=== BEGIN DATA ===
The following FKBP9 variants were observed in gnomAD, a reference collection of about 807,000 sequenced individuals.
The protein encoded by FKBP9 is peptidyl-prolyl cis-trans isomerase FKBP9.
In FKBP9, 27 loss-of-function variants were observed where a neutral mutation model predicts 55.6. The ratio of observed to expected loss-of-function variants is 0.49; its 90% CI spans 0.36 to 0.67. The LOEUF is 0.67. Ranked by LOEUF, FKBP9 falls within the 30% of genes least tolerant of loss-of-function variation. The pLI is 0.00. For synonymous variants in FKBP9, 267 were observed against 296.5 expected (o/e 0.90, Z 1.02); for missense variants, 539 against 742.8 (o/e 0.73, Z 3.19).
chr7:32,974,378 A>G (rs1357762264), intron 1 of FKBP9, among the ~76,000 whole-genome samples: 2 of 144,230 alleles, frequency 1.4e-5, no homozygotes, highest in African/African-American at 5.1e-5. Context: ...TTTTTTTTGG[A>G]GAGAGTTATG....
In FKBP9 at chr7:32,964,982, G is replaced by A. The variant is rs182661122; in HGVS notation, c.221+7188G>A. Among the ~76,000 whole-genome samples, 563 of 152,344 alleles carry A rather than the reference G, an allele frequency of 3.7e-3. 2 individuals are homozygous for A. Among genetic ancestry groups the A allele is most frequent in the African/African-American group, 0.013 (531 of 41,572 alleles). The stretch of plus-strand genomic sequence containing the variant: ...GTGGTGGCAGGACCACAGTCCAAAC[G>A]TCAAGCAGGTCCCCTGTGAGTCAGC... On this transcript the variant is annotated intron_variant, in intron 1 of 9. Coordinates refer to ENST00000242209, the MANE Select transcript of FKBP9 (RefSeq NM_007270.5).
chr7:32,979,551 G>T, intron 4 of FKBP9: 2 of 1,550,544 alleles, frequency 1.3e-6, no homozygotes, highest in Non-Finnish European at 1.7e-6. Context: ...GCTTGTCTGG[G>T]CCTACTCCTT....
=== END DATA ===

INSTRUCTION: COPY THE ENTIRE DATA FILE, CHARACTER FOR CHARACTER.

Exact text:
The following FKBP9 variants were observed in gnomAD, a reference collection of about 807,000 sequenced individuals.
The protein encoded by FKBP9 is peptidyl-prolyl cis-trans isomerase FKBP9.
In FKBP9, 27 loss-of-function variants were observed where a neutral mutation model predicts 55.6. The ratio of observed to expected loss-of-function variants is 0.49; its 90% CI spans 0.36 to 0.67. The LOEUF is 0.67. Ranked by LOEUF, FKBP9 falls within the 30% of genes least tolerant of loss-of-function variation. The pLI is 0.00. For synonymous variants in FKBP9, 267 were observed against 296.5 expected (o/e 0.90, Z 1.02); for missense variants, 539 against 742.8 (o/e 0.73, Z 3.19).
chr7:32,974,378 A>G (rs1357762264), intron 1 of FKBP9, among the ~76,000 whole-genome samples: 2 of 144,230 alleles, frequency 1.4e-5, no homozygotes, highest in African/African-American at 5.1e-5. Context: ...TTTTTTTTGG[A>G]GAGAGTTATG....
In FKBP9 at chr7:32,964,982, G is replaced by A. The variant is rs182661122; in HGVS notation, c.221+7188G>A. Among the ~76,000 whole-genome samples, 563 of 152,344 alleles carry A rather than the reference G, an allele frequency of 3.7e-3. 2 individuals are homozygous for A. Among genetic ancestry groups the A allele is most frequent in the African/African-American group, 0.013 (531 of 41,572 alleles). The stretch of plus-strand genomic sequence containing the variant: ...GTGGTGGCAGGACCACAGTCCAAAC[G>A]TCAAGCAGGTCCCCTGTGAGTCAGC... On this transcript the variant is annotated intron_variant, in intron 1 of 9. Coordinates refer to ENST00000242209, the MANE Select transcript of FKBP9 (RefSeq NM_007270.5).
chr7:32,979,551 G>T, intron 4 of FKBP9: 2 of 1,550,544 alleles, frequency 1.3e-6, no homozygotes, highest in Non-Finnish European at 1.7e-6. Context: ...GCTTGTCTGG[G>T]CCTACTCCTT....